Monday, December 31, 2012

January Excerpt: An Interview With Stephen Zunes by Emanuel Stoakes

US Politics and Foreign Policy: An Interview With Stephen Zunes
Emanuel Stoakes
PHOTO: Staff Sgt. Shawn Weismiller, US Air Force

Given that this is the first issue of Empirical in 2013 and the human race has survived yet another turbulent year (despite the predictions of Mayan calendar enthusiasts and others), it may be appropriate to take stock in some way, in keeping with the ancient traditions of New Year festivals across the world.

During the Jewish High Holy Days, the period between Rosh Hashanah and Yom Kippur is traditionally a time in which observant Jews are obliged to engage in sustained reflection on what’s been and resolve to do things better in the future. Other major cultural festivals such as Nowruz in Iran, Seol-Nal in Korea, and the Chaitra in the Hindu tradition, among many others, encourage varying degrees of contemplation and self searching amidst celebration of the year’s renewal.

With this in mind (albeit with a political focus), Empirical magazine caught up with the estimable San Francisco Bay Area scholar Stephen Zunes to discuss a cluster of controversial, sobering, and thoughtprovoking issues linked to the past and present actions of the government of the United States at home and abroad. Professor Zunes is Professor of Politics and International Studies at the University of San Francisco, and is considered one of America’s leading scholars on US foreign policy, in particular Middle Eastern policy.

Professor Zunes has produced many widely read articles on Middle Eastern politics, US foreign policy, international terrorism, nuclear nonproliferation, strategic nonviolent action, and human rights. He also spent many hours reading internal government documents in the national archives, as well as travelling extensively throughout west Asia and meeting key political actors in the region. I began by asking him about perhaps the most explosive issue of the last decade–the Iraq war.

Emanuel: What’s your opinion of the case that was made for the Iraq war? And what influence do you think that Project for the New American Century and its neoconservative membership had on how things turned out? [PNAC were an influential right-wing think tank during the 90s and 2000s who advocated “a Reaganite policy of military strength and moral clarity.” Supporters of the Iraq war, many PNAC members were part of the Bush administration.]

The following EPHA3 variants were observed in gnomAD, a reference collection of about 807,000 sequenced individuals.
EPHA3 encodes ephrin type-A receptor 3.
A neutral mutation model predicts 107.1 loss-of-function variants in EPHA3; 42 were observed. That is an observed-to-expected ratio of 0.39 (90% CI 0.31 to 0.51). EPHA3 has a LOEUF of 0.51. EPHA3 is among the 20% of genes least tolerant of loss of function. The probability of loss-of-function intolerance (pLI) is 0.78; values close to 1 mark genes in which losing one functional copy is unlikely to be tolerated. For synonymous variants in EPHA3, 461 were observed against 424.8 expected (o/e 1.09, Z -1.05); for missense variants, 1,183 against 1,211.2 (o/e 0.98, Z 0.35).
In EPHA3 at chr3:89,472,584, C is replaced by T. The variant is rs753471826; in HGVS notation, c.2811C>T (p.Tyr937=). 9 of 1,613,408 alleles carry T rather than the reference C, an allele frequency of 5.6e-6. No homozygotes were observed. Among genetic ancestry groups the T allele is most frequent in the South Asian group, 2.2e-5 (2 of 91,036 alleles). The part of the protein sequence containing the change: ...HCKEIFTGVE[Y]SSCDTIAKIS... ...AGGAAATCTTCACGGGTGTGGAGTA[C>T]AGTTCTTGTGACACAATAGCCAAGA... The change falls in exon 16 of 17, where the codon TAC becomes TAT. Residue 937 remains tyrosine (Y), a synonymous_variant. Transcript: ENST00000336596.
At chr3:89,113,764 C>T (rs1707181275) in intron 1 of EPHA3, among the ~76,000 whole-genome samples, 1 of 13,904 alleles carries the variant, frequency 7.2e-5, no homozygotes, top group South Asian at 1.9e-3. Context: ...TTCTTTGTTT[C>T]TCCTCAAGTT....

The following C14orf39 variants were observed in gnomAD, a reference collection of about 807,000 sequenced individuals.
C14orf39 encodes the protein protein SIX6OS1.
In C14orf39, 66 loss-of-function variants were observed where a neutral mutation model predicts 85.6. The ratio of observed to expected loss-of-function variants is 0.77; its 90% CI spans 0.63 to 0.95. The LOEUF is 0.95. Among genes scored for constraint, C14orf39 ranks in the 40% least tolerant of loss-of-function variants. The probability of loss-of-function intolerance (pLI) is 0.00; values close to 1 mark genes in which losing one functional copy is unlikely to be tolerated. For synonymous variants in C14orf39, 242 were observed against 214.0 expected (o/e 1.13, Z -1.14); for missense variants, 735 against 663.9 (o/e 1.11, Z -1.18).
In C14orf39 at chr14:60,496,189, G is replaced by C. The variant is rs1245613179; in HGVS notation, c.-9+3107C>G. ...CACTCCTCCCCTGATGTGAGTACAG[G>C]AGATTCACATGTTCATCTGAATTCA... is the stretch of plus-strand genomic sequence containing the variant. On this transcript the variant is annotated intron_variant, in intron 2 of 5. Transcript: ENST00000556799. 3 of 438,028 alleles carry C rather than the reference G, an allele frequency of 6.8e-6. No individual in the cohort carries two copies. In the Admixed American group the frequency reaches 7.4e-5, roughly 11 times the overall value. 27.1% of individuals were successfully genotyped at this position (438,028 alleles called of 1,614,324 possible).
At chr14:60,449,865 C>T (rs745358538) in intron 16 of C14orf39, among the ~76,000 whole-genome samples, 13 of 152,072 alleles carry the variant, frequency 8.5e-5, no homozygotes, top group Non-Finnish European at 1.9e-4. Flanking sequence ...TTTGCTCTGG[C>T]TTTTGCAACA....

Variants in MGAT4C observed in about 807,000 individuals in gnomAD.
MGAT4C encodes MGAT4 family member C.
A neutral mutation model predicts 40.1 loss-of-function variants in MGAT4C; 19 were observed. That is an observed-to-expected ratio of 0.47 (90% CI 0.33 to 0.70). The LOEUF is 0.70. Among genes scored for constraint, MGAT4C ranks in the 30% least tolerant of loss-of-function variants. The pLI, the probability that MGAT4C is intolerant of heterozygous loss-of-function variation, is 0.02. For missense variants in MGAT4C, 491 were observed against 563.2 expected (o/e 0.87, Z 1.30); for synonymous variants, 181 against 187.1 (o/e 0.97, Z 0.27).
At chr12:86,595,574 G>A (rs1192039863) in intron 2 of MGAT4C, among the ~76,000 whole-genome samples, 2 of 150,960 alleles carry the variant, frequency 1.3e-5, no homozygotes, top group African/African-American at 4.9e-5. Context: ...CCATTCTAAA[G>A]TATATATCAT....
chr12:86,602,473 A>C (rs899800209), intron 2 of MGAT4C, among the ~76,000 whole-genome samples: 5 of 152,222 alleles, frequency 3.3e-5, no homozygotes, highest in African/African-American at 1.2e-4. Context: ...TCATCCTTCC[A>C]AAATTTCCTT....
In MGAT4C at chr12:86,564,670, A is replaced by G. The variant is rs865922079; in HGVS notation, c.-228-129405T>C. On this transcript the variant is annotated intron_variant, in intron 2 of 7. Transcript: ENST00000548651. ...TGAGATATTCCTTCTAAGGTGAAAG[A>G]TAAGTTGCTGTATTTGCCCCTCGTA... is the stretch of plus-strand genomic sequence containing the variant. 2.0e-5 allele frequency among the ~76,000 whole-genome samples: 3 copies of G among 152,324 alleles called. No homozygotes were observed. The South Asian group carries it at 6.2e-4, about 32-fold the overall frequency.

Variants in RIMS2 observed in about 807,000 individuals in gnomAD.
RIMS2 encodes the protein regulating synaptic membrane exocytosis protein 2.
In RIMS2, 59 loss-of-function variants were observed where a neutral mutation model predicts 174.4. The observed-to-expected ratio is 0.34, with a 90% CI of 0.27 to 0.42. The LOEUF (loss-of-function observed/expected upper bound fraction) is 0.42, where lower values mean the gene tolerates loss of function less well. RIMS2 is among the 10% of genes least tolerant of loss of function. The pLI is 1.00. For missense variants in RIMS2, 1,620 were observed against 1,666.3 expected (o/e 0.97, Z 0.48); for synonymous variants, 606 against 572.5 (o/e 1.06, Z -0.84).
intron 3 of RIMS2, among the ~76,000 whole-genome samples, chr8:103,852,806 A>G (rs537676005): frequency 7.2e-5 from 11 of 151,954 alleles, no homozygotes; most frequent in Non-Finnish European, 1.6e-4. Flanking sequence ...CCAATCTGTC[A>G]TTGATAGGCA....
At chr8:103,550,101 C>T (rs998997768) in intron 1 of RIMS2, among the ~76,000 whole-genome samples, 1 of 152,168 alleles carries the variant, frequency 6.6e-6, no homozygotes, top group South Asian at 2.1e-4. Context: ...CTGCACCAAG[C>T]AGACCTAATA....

Stephen Zunes: They were a strong intellectual force behind it, in their intellectual rationalization, and a series of events, including 9/11, helped make it possible, along with some more traditional conservatives and the Christian evangelicals, and so on. So, it was a tragic confluence of various ideological and strategic tendencies, and they were certainly a major piece of it. I think a lot of people overplay their role in a sense especially the Zionist connection. If you read that famous memo from 1996, it’s more along the lines of what Israel can do for the US, than what the US can do for Israel. While I’ve certainly been attacked quite viciously by various Zionist groups, I’ve generally been one of those who has argued that the whole Israeli lobby angle is overstated, and so I agree with Noam Chomsky on this point. The invasion had a lot more to do with a broader hegemonic priorities than any one special interest group. I think what PNAC and those guys really were talking about was an idea–in many ways it is not a new idea–but by their very name, it goes back to that post-World War II period, when there really was that sense that the United States could reshape the world in our image. And again, it goes back in some ways to the Puritans. So in that sense I think they were able to capitalize on that part of American culture, by appealing to those that would be susceptible to that sort of thinking.

If you would like to read more of this interview in Empirical, the January issue is now available at your local bookstore and online at our website.

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